Rav Ovadiah Yoseif (Yechaveh Da'at 1:40) rules that one may make a siyum upon completing a section of the Mishna with the commentary of Rav Ovadiah Bartenura (the main commentary on the Mishna - perhaps other commentaries would be valid as well). However, he qualifies this by saying that such a siyum should not be made into a public affair, and that only the individual who learned the mishnayot would be allowed to eat meat or drink wine on such an occasion if it occurred during the Nine Days.

Regarding women, Rav Shlomo Wahrman, in She'erit Yoseif #4, discusses whether or not their obligation to learn Torah affects the status of any siyum that they might make. In general, the obligation of women to learn Torah is significantly less than that of a man, although she nevertheless has a stake in Torah in a general sense (thus she says the blessings on the Torah every morning). Rav Wahrman concludes that the actual obligation, or lack of, ultimately does not change the fact that a woman who finished a tractate experiences a feeling of joy and satisfaction comparable to that of a male, and thus she may make a siyum for her family or for other women. He concludes by saying that a women should not make a siyum for other men, as that would violate the spirit of tzniut (modesty) that the Torah and the Sages require of Jewish women. Rav Pinchas Scheinberg argues on this point, taking the position that one's ability to make a "real" siyum does depend on one's obligation, and thus a women would be unable to do so.

As far as children go, I have not found anything written on this topic. Rav Shlomo Borenstein, in an article in the Journal of Halacha and Contemporary Society (vol. 28), offers conjectures in both directions. On the one hand a child has no obligation to learn, yet on the other hand a child will one day have the obligation, this differentiating him from a female whose non-obligated status is not subject to change.

What about cheating? There is a well-known practice in many camps to have someone learn something and finish it during the Nine Days so that the weekly barbecue is not missed. Is this a valid practice? Can one "aim" their learning so that the leniencies that come with a siyum become part of the goal? The troubles on this issue stem from the Maharam Mintz. He claims that when one reaches the end of a tractate, he should delay learning the end until an appropriate time comes for making a siyum. Minchat Yitzchak (2:93) qualifies this by distinguishing between waiting a little and waiting a lot. One who finishes a tractate the week before Pesach may draw out his learning a bit so as to make a siyum on Erev Pesach, but one who finishes in December should not save the last page for the four months until he needs it to avoid having to fast. He says that in such a case, one's siyum would not be made out of simcha, but rather out of a desire to satisfy one's physical needs. He then goes on to note that some people presumably rely on the Ya'avetz, who states that one may speed up the normal pace of his learning as long as he does not sacrifice comprehension for speed in doing so. Rav Ovadiah Yoseif is a bit stricter on this point, saying that one should not alter one's pace at all, and that we should be strict and only allow a siyum for the purpose of eating meat or not fasting if it is made by a person who is constantly learning and regularly makes siyumim. However, a "set-up" of someone to learn just for this purpose should not be done.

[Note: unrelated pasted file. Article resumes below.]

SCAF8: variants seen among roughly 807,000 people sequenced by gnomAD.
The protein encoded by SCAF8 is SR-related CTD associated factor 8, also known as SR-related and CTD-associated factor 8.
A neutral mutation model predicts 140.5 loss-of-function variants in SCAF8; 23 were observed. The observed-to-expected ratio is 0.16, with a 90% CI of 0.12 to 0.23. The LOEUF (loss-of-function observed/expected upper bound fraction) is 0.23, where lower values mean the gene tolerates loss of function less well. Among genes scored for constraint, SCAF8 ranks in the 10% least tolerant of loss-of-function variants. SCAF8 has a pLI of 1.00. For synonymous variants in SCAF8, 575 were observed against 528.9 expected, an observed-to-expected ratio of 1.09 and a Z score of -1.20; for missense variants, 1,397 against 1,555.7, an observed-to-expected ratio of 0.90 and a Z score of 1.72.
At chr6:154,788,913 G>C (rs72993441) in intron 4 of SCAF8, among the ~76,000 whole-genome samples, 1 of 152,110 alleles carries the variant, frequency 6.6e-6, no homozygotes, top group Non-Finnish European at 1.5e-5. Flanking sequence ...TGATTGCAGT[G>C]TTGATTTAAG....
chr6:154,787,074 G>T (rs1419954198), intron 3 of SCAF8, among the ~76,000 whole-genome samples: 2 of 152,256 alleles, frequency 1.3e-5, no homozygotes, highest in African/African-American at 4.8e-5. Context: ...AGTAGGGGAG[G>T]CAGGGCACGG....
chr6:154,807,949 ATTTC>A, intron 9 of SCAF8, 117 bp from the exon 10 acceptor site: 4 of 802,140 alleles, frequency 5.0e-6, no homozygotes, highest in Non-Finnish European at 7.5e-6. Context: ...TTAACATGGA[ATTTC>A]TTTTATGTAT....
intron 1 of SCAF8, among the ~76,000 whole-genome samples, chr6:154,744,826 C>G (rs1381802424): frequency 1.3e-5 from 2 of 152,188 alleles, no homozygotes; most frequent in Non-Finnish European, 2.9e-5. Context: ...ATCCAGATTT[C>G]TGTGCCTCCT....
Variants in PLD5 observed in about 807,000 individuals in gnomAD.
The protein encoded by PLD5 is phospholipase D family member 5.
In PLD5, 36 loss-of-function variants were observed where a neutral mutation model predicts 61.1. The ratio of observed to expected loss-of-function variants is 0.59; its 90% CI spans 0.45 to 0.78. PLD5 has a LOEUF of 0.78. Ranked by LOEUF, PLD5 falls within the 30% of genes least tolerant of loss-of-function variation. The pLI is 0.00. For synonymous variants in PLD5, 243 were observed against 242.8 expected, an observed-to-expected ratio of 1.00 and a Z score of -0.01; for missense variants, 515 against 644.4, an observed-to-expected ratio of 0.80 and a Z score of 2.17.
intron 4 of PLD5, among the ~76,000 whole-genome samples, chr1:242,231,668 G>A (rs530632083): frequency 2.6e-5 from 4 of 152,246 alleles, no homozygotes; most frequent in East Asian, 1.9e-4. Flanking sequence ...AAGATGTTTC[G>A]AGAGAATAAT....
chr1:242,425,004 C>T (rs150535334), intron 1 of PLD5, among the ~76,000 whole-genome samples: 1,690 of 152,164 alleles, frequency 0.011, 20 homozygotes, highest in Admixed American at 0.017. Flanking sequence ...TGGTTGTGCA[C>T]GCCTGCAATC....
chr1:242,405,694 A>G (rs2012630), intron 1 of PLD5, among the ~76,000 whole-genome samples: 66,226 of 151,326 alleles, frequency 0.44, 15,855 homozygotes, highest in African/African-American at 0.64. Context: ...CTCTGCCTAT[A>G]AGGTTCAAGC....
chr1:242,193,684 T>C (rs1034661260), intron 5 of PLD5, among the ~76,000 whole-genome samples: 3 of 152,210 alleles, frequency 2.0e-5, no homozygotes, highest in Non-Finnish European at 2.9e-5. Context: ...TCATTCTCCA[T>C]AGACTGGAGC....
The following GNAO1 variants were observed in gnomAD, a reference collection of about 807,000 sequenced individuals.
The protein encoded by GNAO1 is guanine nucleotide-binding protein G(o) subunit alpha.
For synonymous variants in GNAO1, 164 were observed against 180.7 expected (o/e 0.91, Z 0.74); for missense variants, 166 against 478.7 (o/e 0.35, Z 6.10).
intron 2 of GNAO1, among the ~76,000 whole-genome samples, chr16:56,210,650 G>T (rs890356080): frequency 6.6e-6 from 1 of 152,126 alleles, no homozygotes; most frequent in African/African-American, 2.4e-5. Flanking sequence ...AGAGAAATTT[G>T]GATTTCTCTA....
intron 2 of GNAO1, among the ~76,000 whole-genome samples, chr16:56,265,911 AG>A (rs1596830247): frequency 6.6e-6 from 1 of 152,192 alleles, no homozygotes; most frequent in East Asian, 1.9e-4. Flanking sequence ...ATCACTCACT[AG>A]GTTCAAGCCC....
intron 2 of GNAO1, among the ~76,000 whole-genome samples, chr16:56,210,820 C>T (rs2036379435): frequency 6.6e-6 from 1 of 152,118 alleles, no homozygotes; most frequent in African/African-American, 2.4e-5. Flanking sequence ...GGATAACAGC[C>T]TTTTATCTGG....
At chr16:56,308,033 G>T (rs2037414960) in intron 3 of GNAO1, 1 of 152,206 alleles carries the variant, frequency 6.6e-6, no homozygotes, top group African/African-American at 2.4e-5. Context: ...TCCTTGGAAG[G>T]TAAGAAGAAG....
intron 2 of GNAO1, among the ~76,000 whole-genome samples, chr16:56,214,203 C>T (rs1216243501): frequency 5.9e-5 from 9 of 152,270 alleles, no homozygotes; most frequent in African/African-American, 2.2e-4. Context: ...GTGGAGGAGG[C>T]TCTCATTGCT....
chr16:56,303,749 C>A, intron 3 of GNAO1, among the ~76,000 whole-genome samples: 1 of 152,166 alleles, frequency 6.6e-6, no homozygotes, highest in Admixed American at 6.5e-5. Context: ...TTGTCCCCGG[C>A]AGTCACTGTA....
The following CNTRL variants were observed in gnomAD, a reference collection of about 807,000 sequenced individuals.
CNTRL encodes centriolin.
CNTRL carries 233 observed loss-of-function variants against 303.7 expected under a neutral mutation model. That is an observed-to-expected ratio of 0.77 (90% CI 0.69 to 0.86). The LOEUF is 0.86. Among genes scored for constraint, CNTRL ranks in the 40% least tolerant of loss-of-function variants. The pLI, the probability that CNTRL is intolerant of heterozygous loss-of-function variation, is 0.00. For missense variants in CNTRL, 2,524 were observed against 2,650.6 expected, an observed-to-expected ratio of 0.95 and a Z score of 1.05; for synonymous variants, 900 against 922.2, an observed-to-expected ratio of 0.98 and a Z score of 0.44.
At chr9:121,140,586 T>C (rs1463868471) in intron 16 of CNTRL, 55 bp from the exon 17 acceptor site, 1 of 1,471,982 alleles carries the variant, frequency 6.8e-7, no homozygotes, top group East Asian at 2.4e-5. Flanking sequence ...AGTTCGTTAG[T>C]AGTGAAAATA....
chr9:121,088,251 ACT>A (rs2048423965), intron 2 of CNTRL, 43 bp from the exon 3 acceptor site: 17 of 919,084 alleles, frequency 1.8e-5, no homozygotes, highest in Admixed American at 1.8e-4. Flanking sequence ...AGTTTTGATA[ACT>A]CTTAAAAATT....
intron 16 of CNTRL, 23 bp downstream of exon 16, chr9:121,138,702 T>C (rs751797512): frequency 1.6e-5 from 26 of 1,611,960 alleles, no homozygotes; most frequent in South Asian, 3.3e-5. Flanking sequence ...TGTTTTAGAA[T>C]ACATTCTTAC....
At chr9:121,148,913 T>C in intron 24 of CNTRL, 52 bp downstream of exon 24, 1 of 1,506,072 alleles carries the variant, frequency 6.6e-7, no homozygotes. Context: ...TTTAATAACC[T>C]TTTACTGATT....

The Minchat Yitzchak also addresses the issue of one who learns a tractate out of order. He writes that even though one may not read the Megillah on Purim out of order, nevertheless in our case the focus is that one learn an entire tractate, regardless of the order. Thus, one may certainly make a siyum in such a situation.

Finally, we should note that the Minchat Yitzchak points out that any eating of meat is permissible only at the siyum itself and not for the entire day of the siyum. This is an issue since we know that King Shlomo made a seven-day feast when he consecrated the Temple, and thus there is an idea that perhaps the period of happiness stemming from the completion of a mitzvah would extend beyond the exact moment of its completion. This being so, why can first-borns eat all day on Erev Pesach once they have broken their fast? Why not restrict their eating to the siyum and make them fast the rest of the day? In answer to this, he states (8:45) that there are two components to a fast day - the negative prohibition of eating and the positive commandment to fast. However, on the Fast of the First-Borns the prohibition of eating, which stems from the need to afflict oneself, is not present as it is a different type of fast from the others on our calendar. As such, when one eats in the morning, the fast day aspect is gone and there is nothing left of the fast for the rest of the day.